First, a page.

The New Apple Watch Could Literally Save Lives With Its New Health Tools
New features could be absolute game-changers for healthcare.
Every Apple fanboy and fangirl anxiously awaits Apple’s big annual fall product event, and although the iPhone is usually the talk of the town, the Series 4 Apple Watch got a lot of attention this year — and rightfully so. A presentation about new features for the device kicked off the event, and emphasized not only the flashy new specs (Customizable display! Pretty colors!), but also its the new health features. And that’s ultimately what deserve the lion’s share of your attention because some of them could literally be life-saving.
The health and fitness aspects of the Series 4 Apple Watch were such a focal point that Apple had Dr. Ivor Benjamin, a cardiologist and president of the American Heart Association, come onstage to discuss some of them. Some of the most exciting new features of the Apple Watch include the ability to take electrocardiogram readings, and a new fall detection feature that, in certain situations, could prevent a very real tragedy.
Apple Watch Series 4: Electrocardiograms
For starters, users can now use their Apple Watch to take an electrocardiogram, or ECG, reading, thanks to an electrical heart sensor on the back of the watch. It’s the first ECG product of its kind available over the counter to consumers, and Apple actually received FDA clearance for the ECG function.
All an Apple Watch Series 4 user has to do is open the app, then put their finger on the digital crown, and they’ll get a reading and their heart rhythm classification in 30 seconds. The new smartwatch can even warn users of a heart rhythm that may seem too fast or too slow.
All recordings are stored in the health app, and can easily be shared with a doctor later in a PDF. Benjamin even said during the presentation that this could alter healthcare, and that the ability to capture “meaningful data about someone’s heart in real time is changing the way we practice medicine.”
Benjamin noted that patients will often make a doctor’s appointment and report symptoms that are not actually present during that appointment. Accessibility to information about a patient’s daily lifestyle and health could be extremely helpful in solving this problem. Depending on what the Apple Watch ECG feature captures about a user’s overall heart health, there’s a very real chance that even serious heart problems could be detected in a way that hasn’t been seen before.
Apple Watch Series 4: Fall Detection
At first glance, the Apple Watch Series 4’s ability to detect a fall may not seem all that impressive. But thanks to the gadget’s gyroscope and accelerometer sensors, the device can now detect if a user has fallen, and if they are immobile for over a minute, the Watch will send messages to a user’s emergency contacts or call emergency services. The new feature was developed after Apple analyzed data and noticed that repeatable motion happens with most falls.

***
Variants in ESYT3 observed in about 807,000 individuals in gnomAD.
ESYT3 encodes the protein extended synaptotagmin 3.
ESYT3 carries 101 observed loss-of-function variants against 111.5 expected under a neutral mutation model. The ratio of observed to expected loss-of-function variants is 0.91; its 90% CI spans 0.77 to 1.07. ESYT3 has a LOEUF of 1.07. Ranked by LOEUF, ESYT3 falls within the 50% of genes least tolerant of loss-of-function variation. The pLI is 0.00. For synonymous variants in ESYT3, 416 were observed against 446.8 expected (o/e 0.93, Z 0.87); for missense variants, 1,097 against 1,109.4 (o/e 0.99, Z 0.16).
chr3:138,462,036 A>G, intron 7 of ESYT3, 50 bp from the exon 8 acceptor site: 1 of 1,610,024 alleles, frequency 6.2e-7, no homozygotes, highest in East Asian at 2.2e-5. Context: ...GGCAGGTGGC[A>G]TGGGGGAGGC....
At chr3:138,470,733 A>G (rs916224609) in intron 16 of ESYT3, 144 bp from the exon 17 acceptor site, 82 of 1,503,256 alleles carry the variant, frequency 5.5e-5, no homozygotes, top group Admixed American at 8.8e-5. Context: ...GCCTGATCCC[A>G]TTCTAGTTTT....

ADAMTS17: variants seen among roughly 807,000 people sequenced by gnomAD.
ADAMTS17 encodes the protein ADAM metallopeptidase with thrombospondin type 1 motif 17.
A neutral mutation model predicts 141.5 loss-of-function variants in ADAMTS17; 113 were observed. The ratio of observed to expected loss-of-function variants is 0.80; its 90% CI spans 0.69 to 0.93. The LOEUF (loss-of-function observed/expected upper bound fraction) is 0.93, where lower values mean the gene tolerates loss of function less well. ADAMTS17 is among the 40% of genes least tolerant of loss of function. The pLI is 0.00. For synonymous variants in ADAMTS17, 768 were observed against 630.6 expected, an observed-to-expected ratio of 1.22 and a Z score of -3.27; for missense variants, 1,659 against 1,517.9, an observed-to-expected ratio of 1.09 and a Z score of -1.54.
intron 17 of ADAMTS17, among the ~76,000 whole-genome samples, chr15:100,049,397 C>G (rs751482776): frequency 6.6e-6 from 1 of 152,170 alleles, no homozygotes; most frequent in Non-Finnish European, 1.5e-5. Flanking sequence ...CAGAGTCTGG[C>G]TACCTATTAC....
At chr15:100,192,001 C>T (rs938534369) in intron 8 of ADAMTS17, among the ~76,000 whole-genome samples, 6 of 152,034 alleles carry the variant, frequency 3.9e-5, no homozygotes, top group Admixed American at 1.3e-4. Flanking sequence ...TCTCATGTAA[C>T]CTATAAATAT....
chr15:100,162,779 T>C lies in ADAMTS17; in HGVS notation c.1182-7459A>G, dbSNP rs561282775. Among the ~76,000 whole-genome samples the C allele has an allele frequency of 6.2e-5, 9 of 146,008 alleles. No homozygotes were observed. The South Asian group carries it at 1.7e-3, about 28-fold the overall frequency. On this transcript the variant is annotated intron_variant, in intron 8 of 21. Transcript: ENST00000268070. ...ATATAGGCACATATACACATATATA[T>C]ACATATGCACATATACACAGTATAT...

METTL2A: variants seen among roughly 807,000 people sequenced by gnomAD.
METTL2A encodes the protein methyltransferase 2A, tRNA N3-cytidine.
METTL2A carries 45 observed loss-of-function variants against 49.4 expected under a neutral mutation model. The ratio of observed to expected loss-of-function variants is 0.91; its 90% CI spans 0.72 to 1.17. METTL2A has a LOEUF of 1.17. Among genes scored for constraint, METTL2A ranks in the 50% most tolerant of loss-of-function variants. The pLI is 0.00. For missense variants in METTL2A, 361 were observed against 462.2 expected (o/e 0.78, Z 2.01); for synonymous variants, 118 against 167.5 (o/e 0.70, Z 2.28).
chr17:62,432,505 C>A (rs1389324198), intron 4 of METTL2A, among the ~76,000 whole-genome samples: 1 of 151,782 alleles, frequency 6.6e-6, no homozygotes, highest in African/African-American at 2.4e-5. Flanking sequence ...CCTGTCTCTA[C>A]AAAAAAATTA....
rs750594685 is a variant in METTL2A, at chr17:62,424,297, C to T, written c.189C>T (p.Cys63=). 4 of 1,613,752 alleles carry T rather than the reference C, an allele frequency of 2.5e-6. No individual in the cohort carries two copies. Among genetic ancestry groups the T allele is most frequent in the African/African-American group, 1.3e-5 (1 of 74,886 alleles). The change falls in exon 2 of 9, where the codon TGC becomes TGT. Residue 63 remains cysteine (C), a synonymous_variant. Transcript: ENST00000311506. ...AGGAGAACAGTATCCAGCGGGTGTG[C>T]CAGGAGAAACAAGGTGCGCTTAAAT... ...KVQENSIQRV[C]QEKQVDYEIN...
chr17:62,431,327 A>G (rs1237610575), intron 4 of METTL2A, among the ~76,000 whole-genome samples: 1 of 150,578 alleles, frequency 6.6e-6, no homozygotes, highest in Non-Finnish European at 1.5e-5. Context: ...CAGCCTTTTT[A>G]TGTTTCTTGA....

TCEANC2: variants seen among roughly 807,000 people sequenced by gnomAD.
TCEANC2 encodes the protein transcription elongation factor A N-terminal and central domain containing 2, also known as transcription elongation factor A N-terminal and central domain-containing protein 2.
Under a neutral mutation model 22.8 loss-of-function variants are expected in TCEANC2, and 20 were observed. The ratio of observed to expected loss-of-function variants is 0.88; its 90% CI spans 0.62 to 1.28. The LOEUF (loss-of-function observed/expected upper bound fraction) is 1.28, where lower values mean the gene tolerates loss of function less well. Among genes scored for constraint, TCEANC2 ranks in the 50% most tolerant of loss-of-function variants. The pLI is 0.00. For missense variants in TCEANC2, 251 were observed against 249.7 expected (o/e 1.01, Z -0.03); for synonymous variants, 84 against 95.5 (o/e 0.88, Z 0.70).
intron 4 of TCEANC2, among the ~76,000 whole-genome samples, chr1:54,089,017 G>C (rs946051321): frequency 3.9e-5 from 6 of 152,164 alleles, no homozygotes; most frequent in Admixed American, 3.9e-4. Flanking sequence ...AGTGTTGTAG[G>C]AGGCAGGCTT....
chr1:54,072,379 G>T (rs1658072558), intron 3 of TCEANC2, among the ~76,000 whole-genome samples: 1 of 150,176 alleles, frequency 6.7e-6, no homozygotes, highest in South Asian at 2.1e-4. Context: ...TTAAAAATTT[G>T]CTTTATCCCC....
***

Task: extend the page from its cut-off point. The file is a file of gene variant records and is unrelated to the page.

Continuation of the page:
This feature could absolutely save a life. You remember those “help I’ve fallen and I can’t get up” ads? The LifeAlert bracelet is still considered state-of-the-art in terms of medical alert wearables, despite having been on the market since the early 90s. It’s been upgraded since then, obviously, but no where near to Apple Watch Series 4 levels.
If someone has mobility issues and is alone when they fall, the time it takes to get them help could mean the difference between life and death. The possibilities for people such as the elderly or individuals with mobility-related disabilities are extraordinary. Heck, anyone who lives alone could be in real danger if they have a bad fall and no one is around to help. The new Apple Watch’s fall detection technology could be a real game-changer in the long neglected realm of accessibility tech.
Apple Watch Series 4: What’s Next?
It was very clear during the Apple Special Event on Wednesday that health is a huge aspect of the Apple Watch Series 4. It’s not just about having a cool device on your wrist to show off; the device really does offer meaningful ways to detect and improve health issues.
That begs the question of how all-in Apple is really going to be when it comes to healthcare tech. CNBC’s Christina Farr, who focuses in this intersection, suggested that Apple may wind up pushing into telemedicine. Particularly for users in rural areas who have health problems and no easy access to a doctor, being able to Facetime with a physician who also has their health records seems just around the corner.
This isn’t a feature the Apple Watch Series 4 is touting right now, but the company could be moving in that direction. Considering that rural communities are home to about 20 percent of the population but only about 10 percent of physicians, according to a recent Stanford review of public health data, it would be a smart, bold move on Apple’s part to revitalize healthcare in such a way.
Apple’s annual special event is always very exciting for tech enthusiasts. But in the future, if the company keeps focusing on important, innovative health features like these, they could become even more exciting for healthcare advocates as well.